Why More Banks Say Yes to Insurance as a Consumer Product

As consumers increasingly look to their financial institutions for insurance products, banks have an opportunity to meet this growing demand. A recent report from PYMNTS Intelligence and Franklin Madison shows that 44% of all consumers would turn to their financial institutions (FIs) for insurance needs, a trend that has been growing over the past few years. Based on insights from Mike Mahoney, regional vice president at Franklin Madison, a company that provides insurance products to more than 3,500 FIs, here are five key takeaways for banks considering entering the insurance market:

1. Young Consumers Are Driving the Trend

Younger consumers are particularly keen on shopping for these services from a financial institution. For example, Generation Z consumers are 43% more likely than average to consider getting their insurance from an FI. “Gen Z consumers specifically are four times more likely than baby boomers to think that insurance offerings are important part of the decision-making process in choosing a financial institution,” Mahoney told PYMNTS. This shift in consumer preferences is likely to continue, he said, making insurance products an essential part of attracting and retaining younger customers. Banks that fail to recognize this trend may find themselves at a competitive disadvantage in the future as these younger consumers become a larger part of the market.

2. Convenience and Trust Are Key Selling Points

Consumers are drawn to the idea of purchasing insurance from their banks due to existing relationships and trust. In fact, consumers are more than twice as likely to name trust as a deciding factor on where they get their insurance, at 39%, than cost, at 19%. “I wasn’t surprised to see and learn that consumers are interested in buying insurance from their primary financial institution. That just makes a lot of sense to me to have a relationship there,” Mahoney said. “It’s convenient and they trust them.” This trust factor gives banks a significant advantage over traditional insurance providers. By leveraging their existing customer relationships and data, Mahoney believes, banks can offer personalized insurance products that meet their customers’ specific needs, further enhancing convenience and strengthening trust.

3. There’s a Gap in Specialized Insurance Offerings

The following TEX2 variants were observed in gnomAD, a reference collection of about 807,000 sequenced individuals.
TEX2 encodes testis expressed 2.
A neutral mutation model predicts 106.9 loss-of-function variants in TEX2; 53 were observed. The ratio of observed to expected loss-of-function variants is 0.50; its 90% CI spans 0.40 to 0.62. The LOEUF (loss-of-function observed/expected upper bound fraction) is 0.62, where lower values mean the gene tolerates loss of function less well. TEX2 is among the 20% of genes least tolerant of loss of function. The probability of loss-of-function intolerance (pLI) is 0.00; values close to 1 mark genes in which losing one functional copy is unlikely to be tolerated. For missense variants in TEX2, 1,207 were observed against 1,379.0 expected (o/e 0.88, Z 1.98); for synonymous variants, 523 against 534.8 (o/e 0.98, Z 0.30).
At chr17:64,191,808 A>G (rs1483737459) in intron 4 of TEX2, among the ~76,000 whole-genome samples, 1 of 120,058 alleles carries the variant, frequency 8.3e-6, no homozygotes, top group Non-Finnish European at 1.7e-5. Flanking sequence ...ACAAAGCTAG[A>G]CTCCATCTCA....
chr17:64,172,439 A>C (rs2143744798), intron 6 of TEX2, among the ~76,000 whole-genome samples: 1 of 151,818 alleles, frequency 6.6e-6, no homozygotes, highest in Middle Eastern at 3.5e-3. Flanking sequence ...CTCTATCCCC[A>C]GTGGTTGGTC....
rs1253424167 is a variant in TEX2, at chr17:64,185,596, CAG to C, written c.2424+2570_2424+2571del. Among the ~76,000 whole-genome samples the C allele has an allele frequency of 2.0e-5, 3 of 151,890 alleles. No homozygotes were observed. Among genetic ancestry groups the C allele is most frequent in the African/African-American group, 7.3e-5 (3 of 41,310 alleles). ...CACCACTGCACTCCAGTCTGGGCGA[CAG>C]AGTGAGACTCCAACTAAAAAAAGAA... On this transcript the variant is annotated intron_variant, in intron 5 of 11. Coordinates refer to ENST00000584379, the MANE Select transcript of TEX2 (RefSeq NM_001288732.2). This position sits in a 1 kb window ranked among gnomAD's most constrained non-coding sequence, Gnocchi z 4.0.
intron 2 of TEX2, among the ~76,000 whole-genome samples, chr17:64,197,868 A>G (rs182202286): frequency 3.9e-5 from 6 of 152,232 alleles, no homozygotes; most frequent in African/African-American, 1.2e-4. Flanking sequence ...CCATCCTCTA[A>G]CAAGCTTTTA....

While many financial institutions offer property and casualty insurance, there is an opportunity to expand into specialized products. The report shows that the average consumer has 3.7 different insurance types. Wealthier consumers carry a bit more, averaging 4.4 different types. Most consumers have health (78%) and auto coverage (75%). Beyond the must-haves, consumers’ need for specific types of insurance — such as life, pet or travel— varies. As Mahoney said, “More and more consumers are recognizing the importance of specialized insurance coverages, such as pet, long-term care, travel insurance, personal cyber insurance, maybe supplemental accident plans. So, there’s really … definitely a lot of opportunity for financial institutions to offer and expand a set of products to meet these growing needs from consumers.” By diversifying their insurance offerings, banks can tap into new revenue streams and position themselves as one-stop shops for all their customers’ financial needs. This comprehensive approach can lead to increased customer loyalty and higher lifetime value per customer.

4. Embedded Offers Can Boost Engagement

Banks can increase insurance sales by offering relevant products at key moments. “Embedded offers can be included in a new loan or maybe a refi car loan, new credit card opening, or even a line of credit college education loans,” Mahoney said. “There are all sorts of transactions or even just opening a savings and checking account for the first time at the financial institution. All of those are excellent opportunities to bring forward, timely and relevant offers to that consumer.” This strategy of contextual offering not only increases the likelihood of insurance uptake but also enhances the customer experience by providing relevant products at the right time. Mahoney believes banks can leverage their wealth of customer data to create highly targeted and personalized insurance offers, increasing conversion rates and customer satisfaction.

5. Awareness Is a Major Hurdle

Over half of consumers don’t know if their bank offers insurance products. Addressing this issue, Mahoney emphasized the opportunity for financial institutions to meet customer needs for coverage and win a greater share of that consumer’s wallet — and increase retention — at the same time. To overcome this awareness gap, Mahoney recommends banks implement comprehensive marketing strategies that educate their customers about available insurance options. This can include targeted email campaigns, in-app notifications, branch promotions and even traditional direct mail. “Having a balanced omnichannel approach I think is still important,” Mahoney said.

As the insurance landscape evolves, banks that successfully integrate these products into their offerings stand to benefit from increased customer loyalty, additional revenue streams and a competitive edge in attracting younger consumers. By addressing these five key areas — catering to young consumers, leveraging trust, expanding into specialized offerings, using embedded offers and increasing awareness — banks can position themselves to capitalize on the growing trend of consumers seeking insurance products from their financial institutions.